The investigators reviewed the titles and abstracts of the identified citations and identified eligible articles based on the following criteria. Inclusion criteria included any randomized controlled trial, quasi-experimental study, or pre–post study evaluating the use of cell phones for health information for persons with diabetes and/or obesity. The included studies measured health outcomes or processes of care. Studies published in a language other than English with a complete English abstract were included if they met the specified inclusion criteria. The investigators collected the following information from each article that was eligible: descriptions of the study design, country, sample size, patient age, duration of study, technology, frequency, intervention and control groups, educational content and delivery, process and outcome measures, and statistical significance.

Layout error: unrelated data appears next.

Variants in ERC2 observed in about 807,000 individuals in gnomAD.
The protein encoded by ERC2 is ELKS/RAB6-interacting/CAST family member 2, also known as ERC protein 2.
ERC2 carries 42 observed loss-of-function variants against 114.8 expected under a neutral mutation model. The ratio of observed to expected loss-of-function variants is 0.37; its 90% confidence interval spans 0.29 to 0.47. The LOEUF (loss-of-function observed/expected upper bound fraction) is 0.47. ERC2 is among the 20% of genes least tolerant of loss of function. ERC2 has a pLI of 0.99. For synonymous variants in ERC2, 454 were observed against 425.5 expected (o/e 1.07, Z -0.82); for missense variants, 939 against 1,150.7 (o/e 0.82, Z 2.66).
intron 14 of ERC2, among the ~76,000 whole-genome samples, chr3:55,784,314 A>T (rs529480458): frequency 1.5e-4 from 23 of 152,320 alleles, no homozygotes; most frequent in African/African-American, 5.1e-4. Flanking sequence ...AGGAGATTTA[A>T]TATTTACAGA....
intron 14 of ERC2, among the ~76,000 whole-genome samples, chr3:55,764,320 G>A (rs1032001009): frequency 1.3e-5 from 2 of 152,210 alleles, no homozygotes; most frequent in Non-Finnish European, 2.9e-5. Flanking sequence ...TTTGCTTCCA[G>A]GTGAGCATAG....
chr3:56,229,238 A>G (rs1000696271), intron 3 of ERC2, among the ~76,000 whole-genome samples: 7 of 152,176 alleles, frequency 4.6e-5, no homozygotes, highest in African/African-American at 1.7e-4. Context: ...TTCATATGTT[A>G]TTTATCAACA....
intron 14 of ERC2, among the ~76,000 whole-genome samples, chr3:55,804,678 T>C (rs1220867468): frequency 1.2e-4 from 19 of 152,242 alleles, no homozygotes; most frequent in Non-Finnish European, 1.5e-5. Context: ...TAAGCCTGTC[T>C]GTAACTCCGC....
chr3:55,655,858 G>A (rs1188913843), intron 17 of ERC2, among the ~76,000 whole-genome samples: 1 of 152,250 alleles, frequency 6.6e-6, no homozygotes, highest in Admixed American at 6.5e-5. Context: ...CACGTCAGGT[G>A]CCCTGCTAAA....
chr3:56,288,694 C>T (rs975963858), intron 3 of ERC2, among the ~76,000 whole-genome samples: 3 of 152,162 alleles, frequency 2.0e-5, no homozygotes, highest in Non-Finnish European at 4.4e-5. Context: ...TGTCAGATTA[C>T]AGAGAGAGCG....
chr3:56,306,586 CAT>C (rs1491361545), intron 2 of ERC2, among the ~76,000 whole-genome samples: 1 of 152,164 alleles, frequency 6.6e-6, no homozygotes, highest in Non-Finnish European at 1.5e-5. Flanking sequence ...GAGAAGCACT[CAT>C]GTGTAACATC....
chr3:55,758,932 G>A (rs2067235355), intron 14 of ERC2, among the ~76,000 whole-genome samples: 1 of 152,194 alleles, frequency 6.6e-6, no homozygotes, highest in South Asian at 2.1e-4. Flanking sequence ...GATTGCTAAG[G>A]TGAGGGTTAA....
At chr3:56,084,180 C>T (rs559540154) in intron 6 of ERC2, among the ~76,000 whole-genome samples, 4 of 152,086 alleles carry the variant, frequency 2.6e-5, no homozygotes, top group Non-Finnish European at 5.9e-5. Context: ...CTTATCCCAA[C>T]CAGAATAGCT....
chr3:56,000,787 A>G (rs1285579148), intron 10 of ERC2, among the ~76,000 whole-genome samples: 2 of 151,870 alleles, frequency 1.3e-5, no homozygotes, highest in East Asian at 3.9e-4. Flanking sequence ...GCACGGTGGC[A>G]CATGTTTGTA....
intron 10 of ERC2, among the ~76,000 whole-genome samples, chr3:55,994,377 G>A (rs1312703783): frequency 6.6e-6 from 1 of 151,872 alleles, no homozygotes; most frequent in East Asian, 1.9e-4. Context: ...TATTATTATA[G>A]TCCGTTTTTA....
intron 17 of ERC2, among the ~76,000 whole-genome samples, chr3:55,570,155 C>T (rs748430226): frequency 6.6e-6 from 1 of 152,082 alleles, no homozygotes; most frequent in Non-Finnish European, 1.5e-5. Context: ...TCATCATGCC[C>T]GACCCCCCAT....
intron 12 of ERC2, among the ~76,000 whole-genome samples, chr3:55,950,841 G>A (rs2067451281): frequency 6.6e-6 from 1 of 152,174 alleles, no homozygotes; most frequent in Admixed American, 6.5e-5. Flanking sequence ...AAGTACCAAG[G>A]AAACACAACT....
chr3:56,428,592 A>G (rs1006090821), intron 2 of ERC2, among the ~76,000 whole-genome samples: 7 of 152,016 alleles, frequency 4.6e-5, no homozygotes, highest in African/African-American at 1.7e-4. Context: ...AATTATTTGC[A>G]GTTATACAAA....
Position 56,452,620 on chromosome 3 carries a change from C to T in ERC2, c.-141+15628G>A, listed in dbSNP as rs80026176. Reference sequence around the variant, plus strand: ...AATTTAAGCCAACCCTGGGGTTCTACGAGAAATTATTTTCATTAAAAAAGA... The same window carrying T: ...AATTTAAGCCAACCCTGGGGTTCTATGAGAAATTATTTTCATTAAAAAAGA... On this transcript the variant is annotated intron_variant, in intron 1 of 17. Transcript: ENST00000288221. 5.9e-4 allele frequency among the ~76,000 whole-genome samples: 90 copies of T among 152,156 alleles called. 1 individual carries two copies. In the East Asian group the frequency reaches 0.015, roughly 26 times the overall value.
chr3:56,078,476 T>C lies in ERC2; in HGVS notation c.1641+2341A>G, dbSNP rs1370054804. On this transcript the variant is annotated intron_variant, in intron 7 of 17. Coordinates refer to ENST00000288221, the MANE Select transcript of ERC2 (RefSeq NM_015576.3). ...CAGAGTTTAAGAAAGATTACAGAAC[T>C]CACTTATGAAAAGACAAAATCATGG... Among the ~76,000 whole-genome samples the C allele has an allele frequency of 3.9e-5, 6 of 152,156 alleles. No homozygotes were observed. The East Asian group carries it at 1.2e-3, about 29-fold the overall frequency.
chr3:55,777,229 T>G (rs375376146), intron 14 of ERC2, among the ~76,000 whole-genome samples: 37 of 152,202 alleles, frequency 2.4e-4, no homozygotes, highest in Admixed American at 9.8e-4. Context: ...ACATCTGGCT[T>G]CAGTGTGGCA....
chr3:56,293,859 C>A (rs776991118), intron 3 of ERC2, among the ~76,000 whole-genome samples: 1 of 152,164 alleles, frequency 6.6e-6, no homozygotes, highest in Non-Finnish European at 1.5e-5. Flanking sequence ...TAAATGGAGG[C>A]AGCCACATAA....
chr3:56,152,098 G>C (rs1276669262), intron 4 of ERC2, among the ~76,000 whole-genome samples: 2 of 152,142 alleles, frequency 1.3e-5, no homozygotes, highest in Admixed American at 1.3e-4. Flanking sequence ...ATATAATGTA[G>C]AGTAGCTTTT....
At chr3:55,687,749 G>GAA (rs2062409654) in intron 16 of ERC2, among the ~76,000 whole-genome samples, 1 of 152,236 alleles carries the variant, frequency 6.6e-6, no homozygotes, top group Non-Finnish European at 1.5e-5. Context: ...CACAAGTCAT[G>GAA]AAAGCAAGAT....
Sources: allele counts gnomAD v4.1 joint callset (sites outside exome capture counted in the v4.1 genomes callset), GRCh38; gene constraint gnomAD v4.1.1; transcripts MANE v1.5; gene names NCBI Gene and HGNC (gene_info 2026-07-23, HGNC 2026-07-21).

Comprehensive literature searches identified 51 articles. The titles and abstracts of these articles were read, and 26 articles were determined to be potentially relevant. After reading the full articles, 20 articles representing 18 studies met the eligibility criteria. Articles were excluded if they did not focus on diabetes or obesity (8 articles), a cell phone or text messaging for health information or education was not used (15 articles), or health outcomes or processes of care were not measured (8 articles) (Tables 1 and 22).
The final set of 18 studies included 1176 participants, with 6 studies involving 221 children and 12 involving 955 adults. Sample sizes ranged from 7 to 274 participants for adult studies and 11 to 92 participants for studies involving children. Three studies enrolled more than 130 participants.